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Activism

‘Stop fossil fuels or get out our city’: Spoof ads in Liverpool target bank

Artists targeting Standard Chartered’s fossil fuels lending called their Liverpool Football Club sponsorship an “own goal for climate justice”

Climate activists are protesting Standard Chartered fossil fuels investment with more than 50 spoof adverts covering “hacked” billboards and bus stops in Liverpool.

The bank is one of the UK’s top five biggest financiers of the coal industry, according to Rainforest Action Network research, funnelling around £23bn into fossil fuels since the Paris Agreement to cut carbon emissions was struck in 2015.

Grassroots campaigners Brandalism said the bank’s sponsorship of Liverpool Football Club (LFC) is a “cynical distraction to divert global football fans from their lending to coal, oil and gas projects”.

The posters were installed by activists in the city, without permission from the local council, and call on the bank’s customers to “give Standard Chartered the red card”.

Standard Chartered are using Liverpool Football Club to export their brand to a global market so people trust them, making it easier for them to invest in dangerous fossil fuel projects,” said one of the poster artists, who has chosen to go by the name “Fart Attack”, in a press release.

“The coal projects that Standard Chartered finance in Indonesia, for example, have displaced hundreds of people through flooding caused by deforestation and another coal plant is expected to cause [thousands of] premature deaths from air pollution

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“Investing in fossil fuels whilst claiming to be ‘green’ and using LFC to do this just isn’t on. I made this art so people in my city can be more aware of what Standard Chartered are about and to tell them stop investing in fossil fuels or get out of our city.”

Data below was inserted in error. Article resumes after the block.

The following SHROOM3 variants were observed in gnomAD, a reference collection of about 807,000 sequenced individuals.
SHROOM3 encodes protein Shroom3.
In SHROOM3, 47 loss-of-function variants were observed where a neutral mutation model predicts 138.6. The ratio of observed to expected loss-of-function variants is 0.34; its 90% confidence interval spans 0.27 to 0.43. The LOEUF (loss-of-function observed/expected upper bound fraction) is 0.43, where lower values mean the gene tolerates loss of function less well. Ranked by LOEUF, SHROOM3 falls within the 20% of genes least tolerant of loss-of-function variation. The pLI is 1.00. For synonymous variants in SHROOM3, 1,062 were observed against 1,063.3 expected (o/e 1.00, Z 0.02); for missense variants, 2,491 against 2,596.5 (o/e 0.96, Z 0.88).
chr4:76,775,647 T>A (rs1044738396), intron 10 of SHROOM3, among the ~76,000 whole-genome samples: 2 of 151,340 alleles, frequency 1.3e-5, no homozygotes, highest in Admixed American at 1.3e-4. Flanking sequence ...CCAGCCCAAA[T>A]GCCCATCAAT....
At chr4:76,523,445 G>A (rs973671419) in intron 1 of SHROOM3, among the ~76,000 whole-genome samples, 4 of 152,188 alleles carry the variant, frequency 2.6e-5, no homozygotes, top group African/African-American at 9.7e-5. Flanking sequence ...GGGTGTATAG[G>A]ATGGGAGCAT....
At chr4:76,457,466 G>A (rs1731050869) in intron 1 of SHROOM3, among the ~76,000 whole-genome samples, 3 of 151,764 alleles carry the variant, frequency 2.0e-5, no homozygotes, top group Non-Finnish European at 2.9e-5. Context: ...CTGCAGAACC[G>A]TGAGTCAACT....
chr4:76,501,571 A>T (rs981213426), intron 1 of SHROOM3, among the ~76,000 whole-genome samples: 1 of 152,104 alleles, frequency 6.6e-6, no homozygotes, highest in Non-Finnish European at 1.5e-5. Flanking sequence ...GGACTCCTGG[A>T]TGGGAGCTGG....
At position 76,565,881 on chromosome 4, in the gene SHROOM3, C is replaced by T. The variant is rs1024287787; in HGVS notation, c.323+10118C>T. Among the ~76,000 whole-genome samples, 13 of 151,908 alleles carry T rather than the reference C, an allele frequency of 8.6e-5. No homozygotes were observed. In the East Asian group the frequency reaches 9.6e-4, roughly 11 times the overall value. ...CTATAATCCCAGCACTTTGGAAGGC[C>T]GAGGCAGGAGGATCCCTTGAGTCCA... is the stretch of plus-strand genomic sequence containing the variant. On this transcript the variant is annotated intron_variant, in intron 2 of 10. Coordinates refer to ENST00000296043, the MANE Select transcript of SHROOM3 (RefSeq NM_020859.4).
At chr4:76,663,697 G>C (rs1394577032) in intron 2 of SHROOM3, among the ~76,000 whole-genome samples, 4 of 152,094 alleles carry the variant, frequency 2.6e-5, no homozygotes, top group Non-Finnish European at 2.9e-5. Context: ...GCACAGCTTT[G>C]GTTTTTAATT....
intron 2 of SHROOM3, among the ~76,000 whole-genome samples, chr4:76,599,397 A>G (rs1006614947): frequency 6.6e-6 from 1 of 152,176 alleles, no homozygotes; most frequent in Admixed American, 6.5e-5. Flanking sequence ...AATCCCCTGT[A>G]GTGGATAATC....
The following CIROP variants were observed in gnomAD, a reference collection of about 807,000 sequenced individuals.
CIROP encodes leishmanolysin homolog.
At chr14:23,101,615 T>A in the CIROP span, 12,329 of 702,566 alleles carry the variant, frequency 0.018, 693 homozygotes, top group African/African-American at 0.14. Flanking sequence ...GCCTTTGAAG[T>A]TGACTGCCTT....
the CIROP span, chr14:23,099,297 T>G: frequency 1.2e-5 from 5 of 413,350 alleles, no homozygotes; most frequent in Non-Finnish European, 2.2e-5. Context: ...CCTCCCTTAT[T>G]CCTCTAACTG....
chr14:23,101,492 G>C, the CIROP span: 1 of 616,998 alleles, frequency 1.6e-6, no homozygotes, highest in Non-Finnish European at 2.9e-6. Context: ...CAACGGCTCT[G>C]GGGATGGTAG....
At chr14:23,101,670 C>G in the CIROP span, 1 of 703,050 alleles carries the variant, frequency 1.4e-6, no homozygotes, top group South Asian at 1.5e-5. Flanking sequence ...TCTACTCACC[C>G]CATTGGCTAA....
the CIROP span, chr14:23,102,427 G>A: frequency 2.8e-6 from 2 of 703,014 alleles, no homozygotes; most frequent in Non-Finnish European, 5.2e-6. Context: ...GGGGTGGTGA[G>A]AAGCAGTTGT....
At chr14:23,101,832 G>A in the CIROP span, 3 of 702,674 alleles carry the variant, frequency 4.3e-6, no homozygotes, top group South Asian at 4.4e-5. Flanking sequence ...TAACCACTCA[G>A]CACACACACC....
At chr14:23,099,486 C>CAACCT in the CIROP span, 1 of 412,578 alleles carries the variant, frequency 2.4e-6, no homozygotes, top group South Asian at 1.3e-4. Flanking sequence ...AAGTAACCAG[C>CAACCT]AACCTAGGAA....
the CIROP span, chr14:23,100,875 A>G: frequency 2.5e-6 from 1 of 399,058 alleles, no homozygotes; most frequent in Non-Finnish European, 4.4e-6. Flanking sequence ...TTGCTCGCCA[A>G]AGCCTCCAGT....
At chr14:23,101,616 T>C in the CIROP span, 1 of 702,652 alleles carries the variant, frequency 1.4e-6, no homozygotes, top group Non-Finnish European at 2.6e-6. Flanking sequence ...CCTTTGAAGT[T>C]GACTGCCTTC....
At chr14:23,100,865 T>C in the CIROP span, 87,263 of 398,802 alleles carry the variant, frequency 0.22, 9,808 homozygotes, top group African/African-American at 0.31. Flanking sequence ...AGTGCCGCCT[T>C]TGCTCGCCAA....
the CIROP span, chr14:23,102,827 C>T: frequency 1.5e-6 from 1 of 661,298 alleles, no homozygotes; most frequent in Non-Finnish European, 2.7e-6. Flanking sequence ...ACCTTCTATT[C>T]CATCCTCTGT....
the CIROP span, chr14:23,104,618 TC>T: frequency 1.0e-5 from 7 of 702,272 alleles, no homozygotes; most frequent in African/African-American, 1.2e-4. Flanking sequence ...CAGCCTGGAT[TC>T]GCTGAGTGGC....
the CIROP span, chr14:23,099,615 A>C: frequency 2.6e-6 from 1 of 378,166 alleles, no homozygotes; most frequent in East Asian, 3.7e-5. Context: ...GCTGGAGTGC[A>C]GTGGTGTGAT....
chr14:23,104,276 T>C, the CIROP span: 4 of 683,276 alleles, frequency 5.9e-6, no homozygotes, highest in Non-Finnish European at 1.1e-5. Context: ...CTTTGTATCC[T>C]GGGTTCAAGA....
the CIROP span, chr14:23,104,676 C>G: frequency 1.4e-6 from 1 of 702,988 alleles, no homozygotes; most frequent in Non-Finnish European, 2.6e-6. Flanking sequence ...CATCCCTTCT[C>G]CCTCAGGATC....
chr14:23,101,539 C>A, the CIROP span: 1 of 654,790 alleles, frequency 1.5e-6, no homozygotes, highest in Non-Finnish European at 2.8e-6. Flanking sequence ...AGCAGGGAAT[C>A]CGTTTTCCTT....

One poster design features the Standard Chartered logo, with the tagline: “Supporting deforestation, flash floods and Liverpool FC”.

Another targets LFC’s decision to choose Standard Chartered as sponsors, dubbing it an “own goal for climate justice”.

Standard Chartered, Barclays and HSBC were responsible for more than 94 per cent of UK banks’ coal industry investment between 2018 and 2020, while Standard Chartered’s business interests in Asia made it the biggest UK lender to coal power expansion specifically.

A spokesperson for the bank said: “We’re supporting clients in their own transition to net zero, including through providing the capital and expertise they need to do so. Our climate risk management framework includes transition risk metrics and risk appetite which are being incorporated into our credit decisions.”

LFC launched its own sustainability initiative, The Red Way, earlier this year.

Standard Chartered primarily funds fossil fuel projects in areas such as Indonesia and the Philippines. Salsabila Khairunissa, a 17-year-old Fridays for Future climate activist from Indonesia, said: “Standard Chartered’s vision is ‘to be the world’s most sustainable and responsible bank’, but behind the scenes, they have been funding the climate crisis, the violation of human rights, and the degradation of nature.”

Environmental campaign group Market Forces warned the bank that if it did not set out robust plans to phase out its involvement with fossil fuels, the campaigners would organise a shareholder vote on the issue for next year’s annual meeting.

The Standard Chartered spokesperson added that it is developing transition plans for carbon-heavy sectors and requires clients to cut their coal revenue threshold to five per cent by 2030.

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